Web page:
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  • Writer's pictureThe San Juan Daily Star

Options bets on earnings-fueled volatility in US stocks paying off

An options strategy that bets on stocks logging larger-than-expected moves on corporate results has been a surprising winner this earnings season, data from options analytics service ORATS showed.

Buying options straddles on U.S. companies reporting results over the last three weeks - a strategy that combines a put and a call option - is paying off this quarter, ORATS data showed.

Calls convey the right to buy shares at a fixed price in the future and puts offer the right to sell shares. Owning both these contracts is a way for traders to profit from larger-than-expected post-earnings stock swings.

For the last three weeks, options straddles on U.S. companies reporting results fetched an average return of 8%, ORATS data showed. That compares with an average return of -2% over the last 12 quarters.

“It is not usual for straddles to pay off,” ORATS founder Matt Amberson said, noting that the strategy has tended to be a slight loser in recent quarters.

Generally poor expectations for stock gyrations at the start of earnings season - the Cboe Volatility Index hovered near a more than 3-year low as earnings kicked off - may have helped set up the trade favorably by making it cheaper for investors to bet on heightened stock moves.

With volatility expectations low, stocks handily topped options-implied moves as earnings season progressed.

That, however, may be changing, Amberson said.

As volatility has picked up, these bets have become more expensive, making it harder for the strategy to post a win.

Of the 422 companies in the S&P 500 that have reported earnings as of Aug. 4, 79.1% beat analysts’ expectations, the highest rate since the third quarter of 2021, I/B/E/S data from Refinitiv showed.

Now that regulators in Washington have unfurled a hefty reform package of post-financial crisis capital regulations, banking industry advisers are honing in on what they consider most disruptive, including risk management requirements that could affect real estate lending, consumer credit and wealth management.

In a joint proposal on July 27, the top three U.S. bank regulators proposed a thousand-page overhaul that would in aggregate require banks to set aside an additional 16% in capital the regulators believe is needed to strengthen the financial system.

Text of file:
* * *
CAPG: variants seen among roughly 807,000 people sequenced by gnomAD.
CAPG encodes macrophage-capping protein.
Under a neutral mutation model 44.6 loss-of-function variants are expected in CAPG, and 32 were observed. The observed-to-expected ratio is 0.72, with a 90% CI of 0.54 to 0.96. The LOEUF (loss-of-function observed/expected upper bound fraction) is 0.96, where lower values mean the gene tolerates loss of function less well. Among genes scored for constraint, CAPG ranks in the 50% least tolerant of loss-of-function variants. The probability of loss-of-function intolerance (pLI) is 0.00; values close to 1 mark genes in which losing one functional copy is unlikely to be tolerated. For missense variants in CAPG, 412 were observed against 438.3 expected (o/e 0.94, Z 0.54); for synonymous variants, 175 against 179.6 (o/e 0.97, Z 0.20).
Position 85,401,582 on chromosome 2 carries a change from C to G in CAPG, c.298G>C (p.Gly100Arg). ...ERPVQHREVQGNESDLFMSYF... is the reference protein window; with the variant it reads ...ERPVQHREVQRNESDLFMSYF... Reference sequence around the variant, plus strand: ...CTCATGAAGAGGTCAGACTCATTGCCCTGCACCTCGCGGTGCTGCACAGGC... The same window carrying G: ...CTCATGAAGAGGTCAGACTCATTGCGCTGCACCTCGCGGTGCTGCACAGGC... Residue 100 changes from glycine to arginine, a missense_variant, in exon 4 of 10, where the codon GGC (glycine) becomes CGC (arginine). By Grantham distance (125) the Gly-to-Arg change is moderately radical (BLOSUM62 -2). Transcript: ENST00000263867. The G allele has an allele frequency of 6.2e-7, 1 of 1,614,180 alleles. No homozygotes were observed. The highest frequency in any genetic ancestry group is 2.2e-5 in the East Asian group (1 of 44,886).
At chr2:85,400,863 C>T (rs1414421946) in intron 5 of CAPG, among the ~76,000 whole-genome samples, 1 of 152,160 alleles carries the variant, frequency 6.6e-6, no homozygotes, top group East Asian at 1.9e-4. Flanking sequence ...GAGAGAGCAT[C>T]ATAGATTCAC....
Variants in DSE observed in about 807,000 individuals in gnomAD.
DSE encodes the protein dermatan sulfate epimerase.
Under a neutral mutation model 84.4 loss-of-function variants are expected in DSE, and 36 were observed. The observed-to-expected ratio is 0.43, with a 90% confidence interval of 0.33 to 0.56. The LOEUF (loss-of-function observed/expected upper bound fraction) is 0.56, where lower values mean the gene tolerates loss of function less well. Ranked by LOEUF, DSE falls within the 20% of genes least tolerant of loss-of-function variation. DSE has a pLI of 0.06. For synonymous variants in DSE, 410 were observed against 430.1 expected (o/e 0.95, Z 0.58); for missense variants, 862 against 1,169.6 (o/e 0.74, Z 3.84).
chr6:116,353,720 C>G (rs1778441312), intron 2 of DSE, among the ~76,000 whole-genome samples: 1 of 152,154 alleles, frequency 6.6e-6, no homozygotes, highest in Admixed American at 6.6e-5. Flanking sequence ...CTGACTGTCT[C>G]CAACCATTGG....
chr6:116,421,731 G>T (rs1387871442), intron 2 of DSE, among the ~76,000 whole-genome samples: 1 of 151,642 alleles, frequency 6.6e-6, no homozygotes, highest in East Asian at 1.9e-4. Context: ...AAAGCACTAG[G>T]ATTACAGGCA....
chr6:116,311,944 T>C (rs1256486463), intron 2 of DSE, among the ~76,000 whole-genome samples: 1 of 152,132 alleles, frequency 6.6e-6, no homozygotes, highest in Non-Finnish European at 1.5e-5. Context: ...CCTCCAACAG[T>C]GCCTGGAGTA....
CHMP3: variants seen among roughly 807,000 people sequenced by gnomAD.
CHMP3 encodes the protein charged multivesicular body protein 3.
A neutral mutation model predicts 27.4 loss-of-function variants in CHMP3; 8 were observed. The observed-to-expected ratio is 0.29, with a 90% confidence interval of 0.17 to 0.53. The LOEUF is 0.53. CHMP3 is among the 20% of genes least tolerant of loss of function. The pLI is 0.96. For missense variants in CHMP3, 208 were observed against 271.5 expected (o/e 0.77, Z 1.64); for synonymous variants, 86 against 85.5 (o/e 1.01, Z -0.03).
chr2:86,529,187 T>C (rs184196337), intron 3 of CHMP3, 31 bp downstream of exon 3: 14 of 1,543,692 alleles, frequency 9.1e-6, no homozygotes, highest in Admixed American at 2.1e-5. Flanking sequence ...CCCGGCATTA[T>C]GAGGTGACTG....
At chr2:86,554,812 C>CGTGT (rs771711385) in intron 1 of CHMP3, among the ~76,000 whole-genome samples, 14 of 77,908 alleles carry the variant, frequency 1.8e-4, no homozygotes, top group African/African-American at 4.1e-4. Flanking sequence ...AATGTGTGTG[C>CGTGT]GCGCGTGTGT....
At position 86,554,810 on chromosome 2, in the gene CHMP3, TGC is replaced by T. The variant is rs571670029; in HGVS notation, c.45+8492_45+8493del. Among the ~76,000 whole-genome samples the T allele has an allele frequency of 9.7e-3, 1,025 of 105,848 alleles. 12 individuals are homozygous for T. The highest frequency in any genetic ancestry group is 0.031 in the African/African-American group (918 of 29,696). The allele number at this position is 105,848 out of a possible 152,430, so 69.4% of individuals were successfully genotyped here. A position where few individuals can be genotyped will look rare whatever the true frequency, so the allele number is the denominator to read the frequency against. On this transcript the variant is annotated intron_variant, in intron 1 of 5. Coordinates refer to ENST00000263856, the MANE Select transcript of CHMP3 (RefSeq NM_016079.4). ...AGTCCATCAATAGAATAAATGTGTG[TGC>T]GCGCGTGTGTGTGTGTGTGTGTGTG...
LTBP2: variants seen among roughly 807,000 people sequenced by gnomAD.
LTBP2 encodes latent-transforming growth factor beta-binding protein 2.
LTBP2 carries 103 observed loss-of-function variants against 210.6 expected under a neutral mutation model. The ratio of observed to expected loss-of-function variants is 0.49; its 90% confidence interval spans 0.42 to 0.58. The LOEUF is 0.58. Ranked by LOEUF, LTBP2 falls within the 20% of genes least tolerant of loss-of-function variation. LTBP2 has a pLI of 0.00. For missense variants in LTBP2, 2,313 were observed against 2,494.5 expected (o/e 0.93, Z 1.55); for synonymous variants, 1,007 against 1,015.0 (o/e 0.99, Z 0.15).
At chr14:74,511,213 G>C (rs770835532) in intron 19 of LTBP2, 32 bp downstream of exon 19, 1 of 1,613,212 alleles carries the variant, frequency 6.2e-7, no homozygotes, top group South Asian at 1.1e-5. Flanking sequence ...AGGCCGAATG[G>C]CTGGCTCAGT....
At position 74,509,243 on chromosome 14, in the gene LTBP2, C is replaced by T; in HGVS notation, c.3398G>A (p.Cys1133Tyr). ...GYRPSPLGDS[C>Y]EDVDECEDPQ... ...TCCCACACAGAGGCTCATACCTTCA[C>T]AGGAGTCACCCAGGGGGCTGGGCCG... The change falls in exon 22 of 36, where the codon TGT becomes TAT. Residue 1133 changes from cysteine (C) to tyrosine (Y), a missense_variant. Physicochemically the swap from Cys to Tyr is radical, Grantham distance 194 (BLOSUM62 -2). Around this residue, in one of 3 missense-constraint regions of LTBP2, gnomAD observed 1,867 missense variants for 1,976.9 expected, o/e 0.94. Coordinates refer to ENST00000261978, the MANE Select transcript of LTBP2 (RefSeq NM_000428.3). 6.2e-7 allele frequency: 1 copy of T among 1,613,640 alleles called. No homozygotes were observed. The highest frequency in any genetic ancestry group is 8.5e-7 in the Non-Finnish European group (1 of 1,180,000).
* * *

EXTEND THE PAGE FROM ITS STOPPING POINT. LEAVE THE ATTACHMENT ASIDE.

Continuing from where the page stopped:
By increasing the degree of risk attributed to certain assets, the proposed rules would require banks to hold proportionately more capital, potentially eating into returns on equity and profits. Industry lobby groups such as the Financial Services Forum (FSF), the Bank Policy Institute and the Securities Industry and Financial Markets Association have argued this will make it harder to lend to consumers and warn it will slow the economy.

Though the spring of 2023 saw three of the four biggest bank failures in U.S. history, the FSF reacted to the proposal by saying the Federal Reserve’s own stress tests show the largest banks were sound and well capitalized, making the proposal “a solution without a problem.”

Industry analysts see areas which the well-financed bank lobby will be eager to red-pencil.

Joe Sass, senior vice president for balance sheet risk at financial services conglomerate FIS, said the proposal’s shift from a standard risk charge to a range of risk levels to be allocated to different assets for rental-backed real estate lending would likely be “circled for push-backs.”

Making such lending more expensive will shrink credit available to historically under-served borrowers, something the industry is likely to fight, he said.

Chen Xu, an attorney in the financial institutions group at Debevoise & Plimpton, said the new rules viewed high-revenue business lines as higher risk.

“Some businesses that are fee-based such as wealth management will need to allocate more capital even if there is no balance sheet risk,” he said, adding that this could weigh on trading in capital markets.

Reform proponents argue the true danger to public welfare is financial instability.

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